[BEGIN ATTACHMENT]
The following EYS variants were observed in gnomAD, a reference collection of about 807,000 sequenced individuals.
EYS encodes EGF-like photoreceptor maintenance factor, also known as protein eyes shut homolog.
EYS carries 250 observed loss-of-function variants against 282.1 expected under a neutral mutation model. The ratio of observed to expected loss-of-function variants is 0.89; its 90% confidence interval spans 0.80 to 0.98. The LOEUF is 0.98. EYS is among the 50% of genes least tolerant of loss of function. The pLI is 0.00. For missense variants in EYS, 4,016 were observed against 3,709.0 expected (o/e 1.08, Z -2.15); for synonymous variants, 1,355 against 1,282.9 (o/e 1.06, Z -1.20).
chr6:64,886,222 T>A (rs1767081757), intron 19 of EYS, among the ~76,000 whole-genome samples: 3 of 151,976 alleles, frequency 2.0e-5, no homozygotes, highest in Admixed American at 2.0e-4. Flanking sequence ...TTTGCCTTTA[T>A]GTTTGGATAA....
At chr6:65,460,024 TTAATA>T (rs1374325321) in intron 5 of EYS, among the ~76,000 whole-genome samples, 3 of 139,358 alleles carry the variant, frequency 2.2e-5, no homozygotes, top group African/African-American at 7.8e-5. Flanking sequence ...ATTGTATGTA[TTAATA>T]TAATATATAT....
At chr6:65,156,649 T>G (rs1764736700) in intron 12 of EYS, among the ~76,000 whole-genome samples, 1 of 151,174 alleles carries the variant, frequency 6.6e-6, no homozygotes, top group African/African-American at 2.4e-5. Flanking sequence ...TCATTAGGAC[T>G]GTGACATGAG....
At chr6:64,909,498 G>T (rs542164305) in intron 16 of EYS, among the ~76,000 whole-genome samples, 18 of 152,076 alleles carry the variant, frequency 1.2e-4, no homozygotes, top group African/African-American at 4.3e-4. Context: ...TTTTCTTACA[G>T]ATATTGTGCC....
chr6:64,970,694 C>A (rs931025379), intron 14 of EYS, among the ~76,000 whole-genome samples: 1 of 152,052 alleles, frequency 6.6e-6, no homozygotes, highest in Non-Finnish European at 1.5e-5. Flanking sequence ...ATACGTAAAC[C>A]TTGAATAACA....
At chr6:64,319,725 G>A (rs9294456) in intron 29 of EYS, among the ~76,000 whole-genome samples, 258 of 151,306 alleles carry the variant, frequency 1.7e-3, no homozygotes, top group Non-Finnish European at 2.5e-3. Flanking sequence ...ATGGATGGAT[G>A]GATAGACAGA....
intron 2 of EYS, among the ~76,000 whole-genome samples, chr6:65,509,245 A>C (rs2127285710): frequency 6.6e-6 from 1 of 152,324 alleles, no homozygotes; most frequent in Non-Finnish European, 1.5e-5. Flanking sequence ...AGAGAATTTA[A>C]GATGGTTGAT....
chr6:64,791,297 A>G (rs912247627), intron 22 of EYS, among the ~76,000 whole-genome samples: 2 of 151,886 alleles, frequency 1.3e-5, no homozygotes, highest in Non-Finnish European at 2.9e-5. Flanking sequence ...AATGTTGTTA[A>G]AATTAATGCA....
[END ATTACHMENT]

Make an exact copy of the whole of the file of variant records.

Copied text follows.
The following EYS variants were observed in gnomAD, a reference collection of about 807,000 sequenced individuals.
EYS encodes EGF-like photoreceptor maintenance factor, also known as protein eyes shut homolog.
EYS carries 250 observed loss-of-function variants against 282.1 expected under a neutral mutation model. The ratio of observed to expected loss-of-function variants is 0.89; its 90% confidence interval spans 0.80 to 0.98. The LOEUF is 0.98. EYS is among the 50% of genes least tolerant of loss of function. The pLI is 0.00. For missense variants in EYS, 4,016 were observed against 3,709.0 expected (o/e 1.08, Z -2.15); for synonymous variants, 1,355 against 1,282.9 (o/e 1.06, Z -1.20).
chr6:64,886,222 T>A (rs1767081757), intron 19 of EYS, among the ~76,000 whole-genome samples: 3 of 151,976 alleles, frequency 2.0e-5, no homozygotes, highest in Admixed American at 2.0e-4. Flanking sequence ...TTTGCCTTTA[T>A]GTTTGGATAA....
At chr6:65,460,024 TTAATA>T (rs1374325321) in intron 5 of EYS, among the ~76,000 whole-genome samples, 3 of 139,358 alleles carry the variant, frequency 2.2e-5, no homozygotes, top group African/African-American at 7.8e-5. Flanking sequence ...ATTGTATGTA[TTAATA>T]TAATATATAT....
At chr6:65,156,649 T>G (rs1764736700) in intron 12 of EYS, among the ~76,000 whole-genome samples, 1 of 151,174 alleles carries the variant, frequency 6.6e-6, no homozygotes, top group African/African-American at 2.4e-5. Flanking sequence ...TCATTAGGAC[T>G]GTGACATGAG....
At chr6:64,909,498 G>T (rs542164305) in intron 16 of EYS, among the ~76,000 whole-genome samples, 18 of 152,076 alleles carry the variant, frequency 1.2e-4, no homozygotes, top group African/African-American at 4.3e-4. Context: ...TTTTCTTACA[G>T]ATATTGTGCC....
chr6:64,970,694 C>A (rs931025379), intron 14 of EYS, among the ~76,000 whole-genome samples: 1 of 152,052 alleles, frequency 6.6e-6, no homozygotes, highest in Non-Finnish European at 1.5e-5. Flanking sequence ...ATACGTAAAC[C>A]TTGAATAACA....
At chr6:64,319,725 G>A (rs9294456) in intron 29 of EYS, among the ~76,000 whole-genome samples, 258 of 151,306 alleles carry the variant, frequency 1.7e-3, no homozygotes, top group Non-Finnish European at 2.5e-3. Flanking sequence ...ATGGATGGAT[G>A]GATAGACAGA....
intron 2 of EYS, among the ~76,000 whole-genome samples, chr6:65,509,245 A>C (rs2127285710): frequency 6.6e-6 from 1 of 152,324 alleles, no homozygotes; most frequent in Non-Finnish European, 1.5e-5. Flanking sequence ...AGAGAATTTA[A>C]GATGGTTGAT....
chr6:64,791,297 A>G (rs912247627), intron 22 of EYS, among the ~76,000 whole-genome samples: 2 of 151,886 alleles, frequency 1.3e-5, no homozygotes, highest in Non-Finnish European at 2.9e-5. Flanking sequence ...AATGTTGTTA[A>G]AATTAATGCA....